I started my parents off with herbs and tomatoes and chilies this summer — they were dubious, but I insisted they would like it. Now my dad is calling me every few days with excited updates, and has plans to expand into eggplant next year. 🙂

  2. Justine on #

    Balconies? Balconies? Luxury!

  3. Amie Stuart on #

    I keep meaning to try and grow some herbs but never get to it. I did buy a Rosemary Christmas tree one year and it was heavenly! It smelled so good (but alas, it died LOL).

  4. Julia Rios on #

    Not exactly an herb, but my favorite kitchen plant is aloe vera. Excellent to soothe burns when you’re cooking, and the leaves grow fast enough that we have never been in danger of running out. I think you may have inspired me to try marjoram.

  5. Gillian on #

    I’ve kept parsley very successfully on my south-facing (in the UK) kitchen window-ledge. If you have large window ledges, spring onions grow very successfully in a large pot. I second Julia’s @4 recommendation of aloe vera. Mine has been almost wholly neglected, but thrives most excellently.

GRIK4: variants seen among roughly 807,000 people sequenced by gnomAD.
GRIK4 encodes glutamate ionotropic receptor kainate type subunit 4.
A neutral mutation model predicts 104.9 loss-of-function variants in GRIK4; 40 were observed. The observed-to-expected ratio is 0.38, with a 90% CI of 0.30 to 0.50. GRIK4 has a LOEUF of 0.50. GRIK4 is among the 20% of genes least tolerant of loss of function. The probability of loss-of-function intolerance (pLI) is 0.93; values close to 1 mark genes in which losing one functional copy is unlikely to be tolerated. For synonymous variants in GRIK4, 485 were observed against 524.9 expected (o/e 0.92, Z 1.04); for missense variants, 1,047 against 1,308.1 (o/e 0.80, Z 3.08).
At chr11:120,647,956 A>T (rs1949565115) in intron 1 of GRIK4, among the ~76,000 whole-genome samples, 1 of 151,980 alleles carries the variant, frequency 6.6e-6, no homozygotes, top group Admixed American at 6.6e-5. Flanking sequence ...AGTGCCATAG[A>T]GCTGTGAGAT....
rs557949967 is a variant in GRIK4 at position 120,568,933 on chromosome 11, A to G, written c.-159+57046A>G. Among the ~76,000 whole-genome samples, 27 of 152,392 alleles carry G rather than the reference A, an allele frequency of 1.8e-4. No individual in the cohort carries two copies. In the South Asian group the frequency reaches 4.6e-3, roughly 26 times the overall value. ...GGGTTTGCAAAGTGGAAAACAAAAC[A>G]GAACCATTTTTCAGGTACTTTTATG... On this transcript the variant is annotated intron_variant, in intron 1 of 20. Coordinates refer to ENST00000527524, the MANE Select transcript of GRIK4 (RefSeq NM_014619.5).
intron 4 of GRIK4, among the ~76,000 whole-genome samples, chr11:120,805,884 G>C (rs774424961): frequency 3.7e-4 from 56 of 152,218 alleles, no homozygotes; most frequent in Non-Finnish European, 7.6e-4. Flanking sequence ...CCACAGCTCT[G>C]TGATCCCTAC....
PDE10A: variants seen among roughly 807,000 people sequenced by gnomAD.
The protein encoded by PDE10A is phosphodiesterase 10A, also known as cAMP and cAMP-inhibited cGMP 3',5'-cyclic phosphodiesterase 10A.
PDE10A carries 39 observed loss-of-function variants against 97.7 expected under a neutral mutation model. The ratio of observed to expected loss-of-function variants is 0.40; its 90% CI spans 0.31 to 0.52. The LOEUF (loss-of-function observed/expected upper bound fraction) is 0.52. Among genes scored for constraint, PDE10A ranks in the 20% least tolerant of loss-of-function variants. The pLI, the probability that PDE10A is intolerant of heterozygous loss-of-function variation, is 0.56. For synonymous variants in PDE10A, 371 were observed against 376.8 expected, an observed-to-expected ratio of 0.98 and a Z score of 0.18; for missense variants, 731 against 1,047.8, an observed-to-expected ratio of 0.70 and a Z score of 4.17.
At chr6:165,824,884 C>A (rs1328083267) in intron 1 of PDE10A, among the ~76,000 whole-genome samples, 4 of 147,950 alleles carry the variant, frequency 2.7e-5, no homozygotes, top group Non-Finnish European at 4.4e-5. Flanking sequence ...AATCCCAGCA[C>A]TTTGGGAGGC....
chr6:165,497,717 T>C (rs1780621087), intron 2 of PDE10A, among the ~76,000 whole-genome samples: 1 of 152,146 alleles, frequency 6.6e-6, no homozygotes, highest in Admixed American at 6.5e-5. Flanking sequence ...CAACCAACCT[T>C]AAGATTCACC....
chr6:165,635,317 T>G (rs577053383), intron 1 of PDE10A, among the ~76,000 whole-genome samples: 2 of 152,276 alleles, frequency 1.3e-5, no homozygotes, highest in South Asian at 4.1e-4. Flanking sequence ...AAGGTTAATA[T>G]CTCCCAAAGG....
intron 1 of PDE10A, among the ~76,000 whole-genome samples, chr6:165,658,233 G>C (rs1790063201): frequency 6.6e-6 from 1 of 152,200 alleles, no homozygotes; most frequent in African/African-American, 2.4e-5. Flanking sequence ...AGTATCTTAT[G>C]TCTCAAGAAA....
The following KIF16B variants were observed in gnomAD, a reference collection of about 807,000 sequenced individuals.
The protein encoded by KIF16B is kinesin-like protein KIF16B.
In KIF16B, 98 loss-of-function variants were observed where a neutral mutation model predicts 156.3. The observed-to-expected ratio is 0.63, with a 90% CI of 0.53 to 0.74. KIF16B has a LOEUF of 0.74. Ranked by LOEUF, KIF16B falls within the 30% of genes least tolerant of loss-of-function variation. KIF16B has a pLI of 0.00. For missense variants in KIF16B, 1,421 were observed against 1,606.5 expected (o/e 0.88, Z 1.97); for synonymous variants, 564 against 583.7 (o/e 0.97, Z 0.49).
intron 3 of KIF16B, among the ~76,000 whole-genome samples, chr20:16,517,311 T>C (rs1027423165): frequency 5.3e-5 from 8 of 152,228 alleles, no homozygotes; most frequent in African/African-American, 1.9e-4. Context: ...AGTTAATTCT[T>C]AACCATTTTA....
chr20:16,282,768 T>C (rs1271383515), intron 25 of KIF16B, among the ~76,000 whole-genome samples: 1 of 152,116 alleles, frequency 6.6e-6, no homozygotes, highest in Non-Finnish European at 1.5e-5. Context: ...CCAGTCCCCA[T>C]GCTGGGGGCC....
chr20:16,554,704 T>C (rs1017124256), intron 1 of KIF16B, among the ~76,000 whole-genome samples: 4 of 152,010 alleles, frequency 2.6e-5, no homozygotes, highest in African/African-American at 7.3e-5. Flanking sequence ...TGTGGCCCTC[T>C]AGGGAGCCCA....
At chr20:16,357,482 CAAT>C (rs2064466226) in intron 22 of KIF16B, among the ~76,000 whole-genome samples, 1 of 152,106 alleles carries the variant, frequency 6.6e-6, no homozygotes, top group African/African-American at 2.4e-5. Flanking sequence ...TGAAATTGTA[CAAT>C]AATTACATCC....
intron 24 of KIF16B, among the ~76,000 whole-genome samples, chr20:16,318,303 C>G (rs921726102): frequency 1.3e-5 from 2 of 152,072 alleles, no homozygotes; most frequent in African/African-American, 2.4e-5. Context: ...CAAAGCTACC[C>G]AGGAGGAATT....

6. Mallory on #

    I have a ton of experience with this. If your plants get a lot of sun (which most herbs like the sun) then clay pots dry them out fast. You MUST have an under tray and really good soil and you MUST water them a LOT. We douse ours twice a day. At first we tried the fill the tray under thing but we soon learned that we were slackers about being consistent and they would dry out before we would remember. We grow chives, thyme, rosemary, generally some basil types (more than one) mint is greedy so you MUST pot it, lavendar grows well…

    If you are north facing then you might want to put a water monitor on it since they may not use as much.

    Just remember that pots dry out really fast particularly if you used potting soil versus REAL soil in them. Clays in real soil will hold more water longer but have other problems. So if your soil was ‘light’ you have to be water happy. Also, sometimes they look dead when they ain’t…